The 6 Pillars of Leadership # 3 BELIEFS
Updated: Jan 12
“Do. Or do not. There is no try.” Yoda, Jedi Master
Believes make anything possible.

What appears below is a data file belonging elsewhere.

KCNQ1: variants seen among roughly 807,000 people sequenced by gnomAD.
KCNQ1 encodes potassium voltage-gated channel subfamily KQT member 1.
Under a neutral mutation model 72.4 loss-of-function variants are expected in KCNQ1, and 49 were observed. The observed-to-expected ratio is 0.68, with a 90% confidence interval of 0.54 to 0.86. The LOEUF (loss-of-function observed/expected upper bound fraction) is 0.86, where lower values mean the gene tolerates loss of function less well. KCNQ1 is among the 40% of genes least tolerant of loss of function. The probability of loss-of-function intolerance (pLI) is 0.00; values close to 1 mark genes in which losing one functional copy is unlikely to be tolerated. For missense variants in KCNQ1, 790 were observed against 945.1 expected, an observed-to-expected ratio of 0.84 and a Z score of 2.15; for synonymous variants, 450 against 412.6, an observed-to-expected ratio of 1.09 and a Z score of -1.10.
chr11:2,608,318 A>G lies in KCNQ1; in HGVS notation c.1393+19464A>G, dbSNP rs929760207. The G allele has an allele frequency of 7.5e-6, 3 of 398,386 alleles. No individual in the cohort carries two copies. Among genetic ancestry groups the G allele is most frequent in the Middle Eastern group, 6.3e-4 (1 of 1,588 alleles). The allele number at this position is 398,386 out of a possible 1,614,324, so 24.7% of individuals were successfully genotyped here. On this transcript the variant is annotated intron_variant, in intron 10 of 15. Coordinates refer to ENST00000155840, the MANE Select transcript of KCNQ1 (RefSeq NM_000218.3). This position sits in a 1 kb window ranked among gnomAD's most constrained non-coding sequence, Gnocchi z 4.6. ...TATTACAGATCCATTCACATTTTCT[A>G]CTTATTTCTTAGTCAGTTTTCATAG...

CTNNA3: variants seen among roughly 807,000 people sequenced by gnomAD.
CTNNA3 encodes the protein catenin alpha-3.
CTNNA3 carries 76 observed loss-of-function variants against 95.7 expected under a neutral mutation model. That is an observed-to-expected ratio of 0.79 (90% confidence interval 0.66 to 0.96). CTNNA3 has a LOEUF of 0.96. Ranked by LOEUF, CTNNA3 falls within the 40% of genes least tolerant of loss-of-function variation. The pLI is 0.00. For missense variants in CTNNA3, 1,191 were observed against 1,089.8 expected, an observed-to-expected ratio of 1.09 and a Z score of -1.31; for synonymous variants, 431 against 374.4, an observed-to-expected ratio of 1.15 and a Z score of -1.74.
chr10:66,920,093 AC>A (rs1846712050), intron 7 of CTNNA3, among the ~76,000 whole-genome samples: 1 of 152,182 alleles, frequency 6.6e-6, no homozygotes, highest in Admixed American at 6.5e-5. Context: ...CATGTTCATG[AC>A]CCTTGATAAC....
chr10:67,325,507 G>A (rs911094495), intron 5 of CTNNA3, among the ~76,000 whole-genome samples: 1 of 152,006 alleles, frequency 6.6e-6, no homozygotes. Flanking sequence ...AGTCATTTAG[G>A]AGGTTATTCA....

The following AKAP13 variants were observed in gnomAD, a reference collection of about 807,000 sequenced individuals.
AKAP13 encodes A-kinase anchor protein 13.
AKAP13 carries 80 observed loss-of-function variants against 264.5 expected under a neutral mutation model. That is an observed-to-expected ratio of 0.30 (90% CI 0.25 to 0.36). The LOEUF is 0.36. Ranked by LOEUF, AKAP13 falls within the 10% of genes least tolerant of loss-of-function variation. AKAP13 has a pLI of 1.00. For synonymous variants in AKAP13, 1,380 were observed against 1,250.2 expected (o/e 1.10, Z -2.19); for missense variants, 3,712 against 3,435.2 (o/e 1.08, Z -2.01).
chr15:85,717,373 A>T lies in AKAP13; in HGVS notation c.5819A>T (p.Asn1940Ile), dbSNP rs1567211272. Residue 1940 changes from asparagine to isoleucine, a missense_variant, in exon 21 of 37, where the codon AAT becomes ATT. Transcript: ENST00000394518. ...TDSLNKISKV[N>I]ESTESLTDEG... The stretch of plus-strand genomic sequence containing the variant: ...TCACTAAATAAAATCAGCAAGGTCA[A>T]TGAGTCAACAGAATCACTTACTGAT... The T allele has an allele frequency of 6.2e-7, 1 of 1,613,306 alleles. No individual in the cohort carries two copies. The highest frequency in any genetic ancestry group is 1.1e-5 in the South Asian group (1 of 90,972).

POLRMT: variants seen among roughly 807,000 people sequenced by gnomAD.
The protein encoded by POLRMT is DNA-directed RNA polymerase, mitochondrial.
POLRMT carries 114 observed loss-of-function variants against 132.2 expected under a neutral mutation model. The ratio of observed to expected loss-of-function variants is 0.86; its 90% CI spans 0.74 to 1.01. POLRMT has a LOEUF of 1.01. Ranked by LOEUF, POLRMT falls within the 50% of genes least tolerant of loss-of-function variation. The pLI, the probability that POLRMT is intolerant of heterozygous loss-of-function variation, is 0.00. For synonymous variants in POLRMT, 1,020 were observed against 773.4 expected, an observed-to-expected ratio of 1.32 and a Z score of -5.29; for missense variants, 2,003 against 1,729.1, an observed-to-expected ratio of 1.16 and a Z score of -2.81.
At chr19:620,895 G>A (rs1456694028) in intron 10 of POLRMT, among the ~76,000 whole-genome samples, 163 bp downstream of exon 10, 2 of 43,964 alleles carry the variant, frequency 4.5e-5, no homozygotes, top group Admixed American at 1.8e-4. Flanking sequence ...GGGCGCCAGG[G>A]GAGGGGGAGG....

In a galaxy far, far away… Even though a small, green, fictional character from a galaxy far, far away said this, I’ve struggled to find a better way to summarise that, unless you switch your mindset from “we will try” to “everything is possible,” change cannot happen. As a leader, you can drive this mindset shift by · tackling the impossible, · communicating passionately, · and always asking why. If that sounds almost as obscure as Yoda, don’t worry. We’ll look closer at these three concepts in a minute.